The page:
These heroic paramedics described the “agonizing” decisions they had to make in the aftermath of the Las Vegas shooting

Imagine being at work on a relatively quiet day when all of a sudden the phone rings and you know someone has either lost their life or might lose their life without your help. To many of us, this scenario is unimaginable. But it’s the job of emergency responders, and during the Las Vegas mass shooting, they saved lives.

Dan Weber was one of those heroic human beings. He was working as a paramedic near the Vegas strip on Sunday night when the first call came in about the tragic event. Weber said that based on the call, he and his team knew there had been a shooting but weren’t aware there were mass casualties. Without a second thought, they headed out to help. When they arrived near the Mandalay Bay Casino and saw the chaos and other ambulances waiting, things became a little clearer for Weber and his partner.

“That’s when we knew it was really serious, he told People Magazine. “The cops were telling me that we couldn’t go to the area yet, because it wasn’t secure. They wanted to make sure that we weren’t going to be targets. So we had to wait for an area to be cleared before we could go help.

After law enforcement officers made sure the area was safe and secure enough, they allowed the emergency responders to do their job. Weber described his fears as they entered the area of the venue where people were shot and injured.

“There were cops all around the perimeter of the area to provide cover in case we needed it,” he says. “I had never been so scared in my life. I just kept thinking the shooting would start up again.”

Weber and others then had to do what’s called a triage, in which they tag patients with color-coded stickers based on their injuries, enabling those with life-threatening injuries to be transported to the hospital first.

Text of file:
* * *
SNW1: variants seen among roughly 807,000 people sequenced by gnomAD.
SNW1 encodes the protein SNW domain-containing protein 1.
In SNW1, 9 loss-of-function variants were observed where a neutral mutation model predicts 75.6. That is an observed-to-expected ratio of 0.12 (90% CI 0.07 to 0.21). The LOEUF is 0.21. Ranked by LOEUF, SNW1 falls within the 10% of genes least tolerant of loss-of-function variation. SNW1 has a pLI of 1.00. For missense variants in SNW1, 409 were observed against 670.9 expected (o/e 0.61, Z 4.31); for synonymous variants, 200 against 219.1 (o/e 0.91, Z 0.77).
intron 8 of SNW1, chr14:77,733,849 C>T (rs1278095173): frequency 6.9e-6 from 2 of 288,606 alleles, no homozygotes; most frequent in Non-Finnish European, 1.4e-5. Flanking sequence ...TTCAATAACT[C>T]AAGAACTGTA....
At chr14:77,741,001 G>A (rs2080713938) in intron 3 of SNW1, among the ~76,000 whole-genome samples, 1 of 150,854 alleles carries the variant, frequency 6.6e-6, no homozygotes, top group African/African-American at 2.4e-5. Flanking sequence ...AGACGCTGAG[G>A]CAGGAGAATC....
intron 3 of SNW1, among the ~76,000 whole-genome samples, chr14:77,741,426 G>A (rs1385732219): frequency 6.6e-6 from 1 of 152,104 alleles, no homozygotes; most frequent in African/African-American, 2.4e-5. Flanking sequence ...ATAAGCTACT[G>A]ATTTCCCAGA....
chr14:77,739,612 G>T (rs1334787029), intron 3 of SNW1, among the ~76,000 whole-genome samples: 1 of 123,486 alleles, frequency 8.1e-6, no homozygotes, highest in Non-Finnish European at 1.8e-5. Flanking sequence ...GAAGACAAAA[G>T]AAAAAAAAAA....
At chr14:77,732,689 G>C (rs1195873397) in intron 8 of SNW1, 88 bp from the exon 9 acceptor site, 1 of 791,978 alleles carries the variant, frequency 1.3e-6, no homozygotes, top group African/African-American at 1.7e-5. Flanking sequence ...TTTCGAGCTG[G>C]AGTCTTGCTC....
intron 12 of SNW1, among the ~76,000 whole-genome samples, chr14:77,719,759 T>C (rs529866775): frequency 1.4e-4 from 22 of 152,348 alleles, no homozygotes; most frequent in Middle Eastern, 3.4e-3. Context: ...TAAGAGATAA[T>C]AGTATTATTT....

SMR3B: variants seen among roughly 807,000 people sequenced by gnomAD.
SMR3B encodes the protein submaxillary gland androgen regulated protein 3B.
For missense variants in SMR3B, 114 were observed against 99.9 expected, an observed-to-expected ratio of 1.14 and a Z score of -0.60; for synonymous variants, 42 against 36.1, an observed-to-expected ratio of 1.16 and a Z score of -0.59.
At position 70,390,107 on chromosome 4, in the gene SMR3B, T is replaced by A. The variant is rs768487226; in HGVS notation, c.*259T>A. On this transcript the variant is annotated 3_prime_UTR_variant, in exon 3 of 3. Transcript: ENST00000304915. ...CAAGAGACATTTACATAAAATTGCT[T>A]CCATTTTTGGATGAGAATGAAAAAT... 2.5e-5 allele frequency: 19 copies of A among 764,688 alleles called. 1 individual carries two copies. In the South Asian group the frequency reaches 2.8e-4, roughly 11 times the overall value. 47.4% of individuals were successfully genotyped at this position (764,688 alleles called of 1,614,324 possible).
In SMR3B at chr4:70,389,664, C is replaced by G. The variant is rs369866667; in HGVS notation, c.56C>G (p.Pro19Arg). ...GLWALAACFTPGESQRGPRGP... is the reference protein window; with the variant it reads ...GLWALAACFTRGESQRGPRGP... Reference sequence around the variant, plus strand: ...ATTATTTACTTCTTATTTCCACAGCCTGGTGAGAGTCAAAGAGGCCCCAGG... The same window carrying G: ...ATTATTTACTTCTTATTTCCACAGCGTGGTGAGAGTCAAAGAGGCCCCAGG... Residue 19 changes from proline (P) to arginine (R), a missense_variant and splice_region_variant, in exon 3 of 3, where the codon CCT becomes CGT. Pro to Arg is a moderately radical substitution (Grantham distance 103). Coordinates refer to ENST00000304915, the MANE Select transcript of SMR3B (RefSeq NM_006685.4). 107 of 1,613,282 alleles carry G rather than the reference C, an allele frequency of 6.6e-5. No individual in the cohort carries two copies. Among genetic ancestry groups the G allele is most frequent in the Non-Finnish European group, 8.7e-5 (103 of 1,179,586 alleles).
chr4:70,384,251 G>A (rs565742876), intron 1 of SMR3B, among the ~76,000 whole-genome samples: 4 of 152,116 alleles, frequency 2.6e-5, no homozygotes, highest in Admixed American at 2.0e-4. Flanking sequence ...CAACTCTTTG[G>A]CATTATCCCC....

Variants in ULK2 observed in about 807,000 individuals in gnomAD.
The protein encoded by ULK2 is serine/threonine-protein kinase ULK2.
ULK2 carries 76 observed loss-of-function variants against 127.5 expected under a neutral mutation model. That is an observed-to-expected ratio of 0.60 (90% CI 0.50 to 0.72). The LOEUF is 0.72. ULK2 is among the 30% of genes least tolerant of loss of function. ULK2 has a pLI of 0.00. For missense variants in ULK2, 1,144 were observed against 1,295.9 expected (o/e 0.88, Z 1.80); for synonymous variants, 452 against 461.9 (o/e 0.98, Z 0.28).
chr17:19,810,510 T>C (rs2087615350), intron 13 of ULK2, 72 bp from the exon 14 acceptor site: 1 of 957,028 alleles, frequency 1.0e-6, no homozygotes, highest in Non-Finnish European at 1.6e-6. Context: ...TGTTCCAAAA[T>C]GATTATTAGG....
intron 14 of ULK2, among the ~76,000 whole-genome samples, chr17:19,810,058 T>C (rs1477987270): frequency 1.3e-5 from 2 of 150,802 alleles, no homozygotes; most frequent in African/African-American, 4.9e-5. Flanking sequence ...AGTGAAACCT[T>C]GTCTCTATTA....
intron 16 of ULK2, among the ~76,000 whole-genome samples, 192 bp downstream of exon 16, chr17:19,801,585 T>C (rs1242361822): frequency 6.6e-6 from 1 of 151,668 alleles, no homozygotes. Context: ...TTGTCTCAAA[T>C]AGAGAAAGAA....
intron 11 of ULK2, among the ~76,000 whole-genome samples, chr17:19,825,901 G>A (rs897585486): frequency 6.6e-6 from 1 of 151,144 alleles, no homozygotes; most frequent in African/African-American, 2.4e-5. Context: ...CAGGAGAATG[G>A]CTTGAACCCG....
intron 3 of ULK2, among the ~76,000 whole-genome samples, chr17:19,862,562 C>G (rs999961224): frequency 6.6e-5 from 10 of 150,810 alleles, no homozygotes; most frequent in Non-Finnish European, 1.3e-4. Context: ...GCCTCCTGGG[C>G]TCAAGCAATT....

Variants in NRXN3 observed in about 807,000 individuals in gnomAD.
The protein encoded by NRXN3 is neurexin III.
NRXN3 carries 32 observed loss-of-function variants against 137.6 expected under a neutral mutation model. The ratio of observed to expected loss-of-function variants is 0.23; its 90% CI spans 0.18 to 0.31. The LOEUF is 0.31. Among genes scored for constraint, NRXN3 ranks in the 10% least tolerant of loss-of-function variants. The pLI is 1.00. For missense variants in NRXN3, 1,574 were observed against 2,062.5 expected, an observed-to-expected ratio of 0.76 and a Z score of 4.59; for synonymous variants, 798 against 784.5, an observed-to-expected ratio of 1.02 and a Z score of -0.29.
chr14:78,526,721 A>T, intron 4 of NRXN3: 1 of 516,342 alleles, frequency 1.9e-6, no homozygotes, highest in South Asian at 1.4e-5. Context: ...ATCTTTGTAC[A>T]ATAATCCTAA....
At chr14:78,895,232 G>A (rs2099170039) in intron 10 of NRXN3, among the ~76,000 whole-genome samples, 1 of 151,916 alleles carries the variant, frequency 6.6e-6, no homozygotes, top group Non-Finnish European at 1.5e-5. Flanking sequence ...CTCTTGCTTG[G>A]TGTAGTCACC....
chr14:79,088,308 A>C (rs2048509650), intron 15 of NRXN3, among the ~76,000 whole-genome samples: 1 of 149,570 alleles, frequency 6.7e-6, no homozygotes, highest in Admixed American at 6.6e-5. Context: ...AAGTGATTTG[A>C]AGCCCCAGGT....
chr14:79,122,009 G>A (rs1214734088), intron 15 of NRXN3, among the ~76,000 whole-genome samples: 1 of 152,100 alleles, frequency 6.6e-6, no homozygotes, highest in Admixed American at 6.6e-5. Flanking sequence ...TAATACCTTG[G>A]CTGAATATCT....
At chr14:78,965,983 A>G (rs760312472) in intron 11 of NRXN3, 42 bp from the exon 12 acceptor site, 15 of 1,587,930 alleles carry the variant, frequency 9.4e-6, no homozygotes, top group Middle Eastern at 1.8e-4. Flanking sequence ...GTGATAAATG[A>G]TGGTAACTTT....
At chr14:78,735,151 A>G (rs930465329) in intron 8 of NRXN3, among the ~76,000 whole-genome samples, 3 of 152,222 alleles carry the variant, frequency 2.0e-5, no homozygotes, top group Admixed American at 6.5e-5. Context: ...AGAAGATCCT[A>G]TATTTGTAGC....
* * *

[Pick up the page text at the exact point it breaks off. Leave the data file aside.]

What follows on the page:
“We had to take the red-tagged patients first, he says. “But it’s not always that easy. People were begging me to take them because they were in so much pain. One woman grabbed at my ankle and we locked eyes. All she could say was ‘please.’ She had tears all over her face. But she was tagged in yellow, and there were people in red. So I had to say, ‘I’m so sorry. Someone will be back for you soon.’

“There were officers helping us triage, but there was still some discretion. Do I pick up this red tag or that red tag? Which patient do we take? What if we choose the wrong one? It can be agonizing.”

We can’t imagine how difficult it must have been for the emergency responders on site to make these decisions.

Emergency responders like Dan Weber are just regular people who, despite their own emotional turmoil, push forward to help in the worst situations.

Weber estimates that he took about 15 patients to the hospital from the scene. “When it was over, I just hugged my partner and cried,” he says. “It was overwhelming…

“It was like a war zone. It’s the worst thing I’ve ever seen in my entire life, and I hope that no one ever has to go through it again. It was pure hell.

This attack is being described as the deadliest mass shooting in modern U.S. history, leaving 59 people dead, and another 527 hospitalized, according to authorities.

We know when something as terrible as this happens, many of us feel powerless, but there are so many ways you can help the victims of the Las Vegas shooting. Also, please keep in mind that it’s okay to step away from the internet and the news for your own mental health.

We are beyond grateful for Dan Weber and all the other brave people who devote their lives to saving others.